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[greenyes] Information from Wet-Dry in Guelph
In the thread last week about Portola Valley's collection system and
mixed waste composting, there was a side discussion on the wet-dry
system in Guelph, Ontario, and how that system was evolving.  Jennifer
Turnbull from Guelph was kind enough to send some very interesting
information on recent changes to the way Guelph collects and processes
materials, and I thought the whole list would be interested in seeing

Peter Spendelow, Oregon Department of Environmental Quality

-----Original Message-----
From: Jennifer Turnbull [mailto:JTurnbul@no.address] 
Subject: Information from Wet-Dry in Guelph

Hello Peter,

Your e-mail containing questions and comments about Guelph's curb side
program and centralized composting reached me. I am the City's Waste
Reduction Co-ordinator, and former Composter Operator. I will do my best
to fill you in on the details.

Our Wet-Dry (2 stream) curb side collection program which was launched
in 1995, changed to a 3 stream Wet-Dry+ program this past March. The
main reasons were long term cost savings and increased diversion and
processing efficiency (which are closely related of course). After 8
years of processing a Dry stream containing both recyclables and "waste"
combined, the wear and tear on the equipment was becoming very costly -
and down-time was increasing and diversion rates were decreasing. There
was no choice but to re-evaluate the system and make improvements. A lot
of consideration went into the option that was ultimately chosen. 

Not only did we modify how we collect waste at the curb so that our Dry
stream contains only "clean" recyclables, but we also modified the
equipment inside of our M.R.F. - a $5 million investment was made to
upgrade the plant making it suitable for the new Dry stream. This work
is still in progress but is expected to be completed in late August.
During the plant shut down, recyclable materials collected at the curb
are being sent to other recycling facilities for processing.

Improvements in our diversion rate are already evident.  There was of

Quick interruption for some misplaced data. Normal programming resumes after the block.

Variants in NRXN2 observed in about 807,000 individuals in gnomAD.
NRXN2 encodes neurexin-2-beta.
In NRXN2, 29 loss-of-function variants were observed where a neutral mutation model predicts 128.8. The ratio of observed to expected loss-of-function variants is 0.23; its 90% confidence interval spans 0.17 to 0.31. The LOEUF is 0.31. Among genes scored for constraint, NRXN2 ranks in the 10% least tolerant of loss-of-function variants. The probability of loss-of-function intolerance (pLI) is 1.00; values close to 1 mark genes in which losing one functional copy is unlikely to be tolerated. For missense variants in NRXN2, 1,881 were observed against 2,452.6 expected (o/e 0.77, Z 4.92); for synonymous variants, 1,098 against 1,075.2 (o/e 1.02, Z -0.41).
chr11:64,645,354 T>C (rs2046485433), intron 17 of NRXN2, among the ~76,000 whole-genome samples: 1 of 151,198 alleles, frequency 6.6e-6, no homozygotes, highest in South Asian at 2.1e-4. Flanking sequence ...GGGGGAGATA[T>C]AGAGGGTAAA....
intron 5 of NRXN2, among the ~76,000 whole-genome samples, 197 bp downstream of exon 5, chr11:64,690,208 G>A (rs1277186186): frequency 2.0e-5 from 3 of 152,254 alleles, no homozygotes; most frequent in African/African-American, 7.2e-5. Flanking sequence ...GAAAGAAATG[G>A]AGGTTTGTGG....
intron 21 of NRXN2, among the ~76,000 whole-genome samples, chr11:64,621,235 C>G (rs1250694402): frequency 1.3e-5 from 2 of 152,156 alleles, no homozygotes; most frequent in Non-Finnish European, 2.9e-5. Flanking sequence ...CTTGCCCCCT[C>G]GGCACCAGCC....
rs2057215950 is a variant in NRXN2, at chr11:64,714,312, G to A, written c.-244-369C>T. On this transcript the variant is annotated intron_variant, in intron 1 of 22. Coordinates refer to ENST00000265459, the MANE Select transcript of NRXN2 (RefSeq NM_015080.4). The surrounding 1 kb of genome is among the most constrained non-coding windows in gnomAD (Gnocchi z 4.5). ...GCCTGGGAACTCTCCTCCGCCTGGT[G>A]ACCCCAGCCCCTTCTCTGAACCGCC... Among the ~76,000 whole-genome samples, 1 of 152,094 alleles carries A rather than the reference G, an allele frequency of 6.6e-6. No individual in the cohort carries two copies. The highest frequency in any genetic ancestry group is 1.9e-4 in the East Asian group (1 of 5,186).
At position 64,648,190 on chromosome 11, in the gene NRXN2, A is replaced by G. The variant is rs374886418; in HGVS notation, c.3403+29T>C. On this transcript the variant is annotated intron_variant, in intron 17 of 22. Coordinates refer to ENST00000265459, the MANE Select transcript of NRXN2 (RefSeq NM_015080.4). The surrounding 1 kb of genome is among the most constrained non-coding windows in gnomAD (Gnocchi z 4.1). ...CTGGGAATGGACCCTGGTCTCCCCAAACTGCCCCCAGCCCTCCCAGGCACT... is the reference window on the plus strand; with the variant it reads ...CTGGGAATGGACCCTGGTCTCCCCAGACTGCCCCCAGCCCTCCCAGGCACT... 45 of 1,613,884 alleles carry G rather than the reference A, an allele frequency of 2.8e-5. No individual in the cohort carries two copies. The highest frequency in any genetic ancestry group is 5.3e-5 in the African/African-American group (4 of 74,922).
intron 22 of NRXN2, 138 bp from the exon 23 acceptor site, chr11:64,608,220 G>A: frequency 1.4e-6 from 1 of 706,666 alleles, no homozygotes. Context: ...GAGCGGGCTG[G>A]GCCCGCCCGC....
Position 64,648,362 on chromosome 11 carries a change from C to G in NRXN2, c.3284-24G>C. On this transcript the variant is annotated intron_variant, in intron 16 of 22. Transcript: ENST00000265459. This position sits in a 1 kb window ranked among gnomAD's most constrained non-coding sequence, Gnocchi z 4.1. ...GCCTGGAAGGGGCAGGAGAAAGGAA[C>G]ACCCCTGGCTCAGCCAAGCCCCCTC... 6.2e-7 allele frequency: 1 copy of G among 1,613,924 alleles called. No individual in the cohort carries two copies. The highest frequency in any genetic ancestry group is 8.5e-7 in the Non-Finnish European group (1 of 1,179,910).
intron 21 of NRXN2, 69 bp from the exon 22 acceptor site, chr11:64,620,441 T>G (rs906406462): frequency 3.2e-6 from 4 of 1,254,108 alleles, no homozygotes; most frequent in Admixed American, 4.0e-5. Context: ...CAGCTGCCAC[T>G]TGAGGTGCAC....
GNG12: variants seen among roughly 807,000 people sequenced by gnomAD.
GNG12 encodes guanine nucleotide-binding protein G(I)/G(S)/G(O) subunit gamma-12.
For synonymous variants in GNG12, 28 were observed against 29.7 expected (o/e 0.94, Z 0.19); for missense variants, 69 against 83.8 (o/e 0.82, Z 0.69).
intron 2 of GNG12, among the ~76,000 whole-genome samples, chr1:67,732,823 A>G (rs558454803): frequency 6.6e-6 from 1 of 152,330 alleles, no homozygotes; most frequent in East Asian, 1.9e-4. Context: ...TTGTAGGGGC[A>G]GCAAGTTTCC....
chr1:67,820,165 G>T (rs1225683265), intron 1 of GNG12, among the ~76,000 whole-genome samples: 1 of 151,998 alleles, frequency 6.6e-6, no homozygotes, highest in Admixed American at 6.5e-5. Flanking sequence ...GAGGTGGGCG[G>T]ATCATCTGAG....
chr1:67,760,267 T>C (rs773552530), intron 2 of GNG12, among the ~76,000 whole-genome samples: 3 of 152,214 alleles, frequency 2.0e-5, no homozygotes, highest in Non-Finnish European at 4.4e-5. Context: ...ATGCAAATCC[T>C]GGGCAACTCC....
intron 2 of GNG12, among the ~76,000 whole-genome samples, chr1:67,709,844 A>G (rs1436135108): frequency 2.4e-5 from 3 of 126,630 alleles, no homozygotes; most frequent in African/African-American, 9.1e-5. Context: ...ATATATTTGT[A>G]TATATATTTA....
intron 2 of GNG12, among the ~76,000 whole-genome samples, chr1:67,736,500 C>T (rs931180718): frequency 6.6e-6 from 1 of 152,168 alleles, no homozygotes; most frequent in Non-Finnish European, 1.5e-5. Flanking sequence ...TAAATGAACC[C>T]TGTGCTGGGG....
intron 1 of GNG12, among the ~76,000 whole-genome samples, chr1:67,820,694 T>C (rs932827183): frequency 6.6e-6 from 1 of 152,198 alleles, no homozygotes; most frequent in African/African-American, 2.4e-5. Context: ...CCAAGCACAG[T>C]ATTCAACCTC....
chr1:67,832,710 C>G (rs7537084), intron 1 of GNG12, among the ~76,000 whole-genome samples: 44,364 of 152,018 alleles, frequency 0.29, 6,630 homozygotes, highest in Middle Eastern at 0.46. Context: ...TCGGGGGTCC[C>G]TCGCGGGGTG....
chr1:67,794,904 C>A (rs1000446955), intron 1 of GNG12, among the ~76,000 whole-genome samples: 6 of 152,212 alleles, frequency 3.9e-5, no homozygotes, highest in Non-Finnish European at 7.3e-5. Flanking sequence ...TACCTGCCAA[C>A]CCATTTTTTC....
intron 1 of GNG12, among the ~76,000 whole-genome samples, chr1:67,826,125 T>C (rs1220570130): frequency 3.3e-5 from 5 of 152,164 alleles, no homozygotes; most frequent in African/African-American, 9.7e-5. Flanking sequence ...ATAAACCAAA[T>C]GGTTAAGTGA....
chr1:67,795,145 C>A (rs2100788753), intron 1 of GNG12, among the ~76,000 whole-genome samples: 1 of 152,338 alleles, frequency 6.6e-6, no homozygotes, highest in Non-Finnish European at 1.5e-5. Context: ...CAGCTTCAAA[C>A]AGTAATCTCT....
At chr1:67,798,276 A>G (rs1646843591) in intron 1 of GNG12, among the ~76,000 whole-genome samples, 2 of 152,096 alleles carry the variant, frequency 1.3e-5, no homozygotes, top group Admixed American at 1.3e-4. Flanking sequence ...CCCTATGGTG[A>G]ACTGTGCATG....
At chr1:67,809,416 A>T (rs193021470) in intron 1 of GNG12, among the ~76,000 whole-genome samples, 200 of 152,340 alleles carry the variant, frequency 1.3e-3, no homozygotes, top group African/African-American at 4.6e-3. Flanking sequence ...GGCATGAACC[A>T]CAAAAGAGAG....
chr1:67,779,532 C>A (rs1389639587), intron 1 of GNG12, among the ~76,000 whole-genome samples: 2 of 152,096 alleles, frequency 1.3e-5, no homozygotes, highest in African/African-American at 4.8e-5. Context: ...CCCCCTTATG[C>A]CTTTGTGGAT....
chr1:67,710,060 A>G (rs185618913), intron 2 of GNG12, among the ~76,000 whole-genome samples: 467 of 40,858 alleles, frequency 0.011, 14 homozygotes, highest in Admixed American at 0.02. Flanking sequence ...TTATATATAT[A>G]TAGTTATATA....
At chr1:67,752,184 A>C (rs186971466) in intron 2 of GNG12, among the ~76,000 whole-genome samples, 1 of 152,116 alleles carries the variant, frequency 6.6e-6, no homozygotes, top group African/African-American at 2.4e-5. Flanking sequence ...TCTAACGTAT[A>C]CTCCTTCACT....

course a major public education component that went along with the
changes. Despite some bumps along the way, the community has adjusted to
the changes well, and many view the changes as positive and necessary.

It is interesting to note that in 1995 we were considered pioneers in
the industry with the 2 stream system and the "new" concept of organics
collection, but our current approach is actually common for many Ontario
and Canadian communities, although not identified by the same name

One aspect of our program that may be considered unique to Guelph is our
attention to curb side quality control. This has been a key factor in
our diversion goals and finished product quality. Even our "Waste"
stream is monitored by the use of clear garbage bags in our program.
Waste bags destined for the landfill containing significant amounts of
recyclables or compostables are not collected. Our residents work very
hard every day to ensure they are sorting each stream well so that they
can continue to have their waste picked up. 

This quality control is directly related to the issue of centralized
composting which you mentioned. We have been able to consistently meet
the Canadian Council of Ministers of the Environment (CCME) standards
for unrestricted use compost using household organic waste combined with
other organic feedstock such as livestock bedding, bulk produce, ground
brush and yard waste etc. Our plant uses an in-vessel aerated channel
(agitated bin) system.

If you have any questions about Guelph's waste programs please don't
hesitate to write back. I hope this information is helpful to you.

Best regards, 
Jen Turnbull 
Waste Reduction Co-ordinator
City of Guelph

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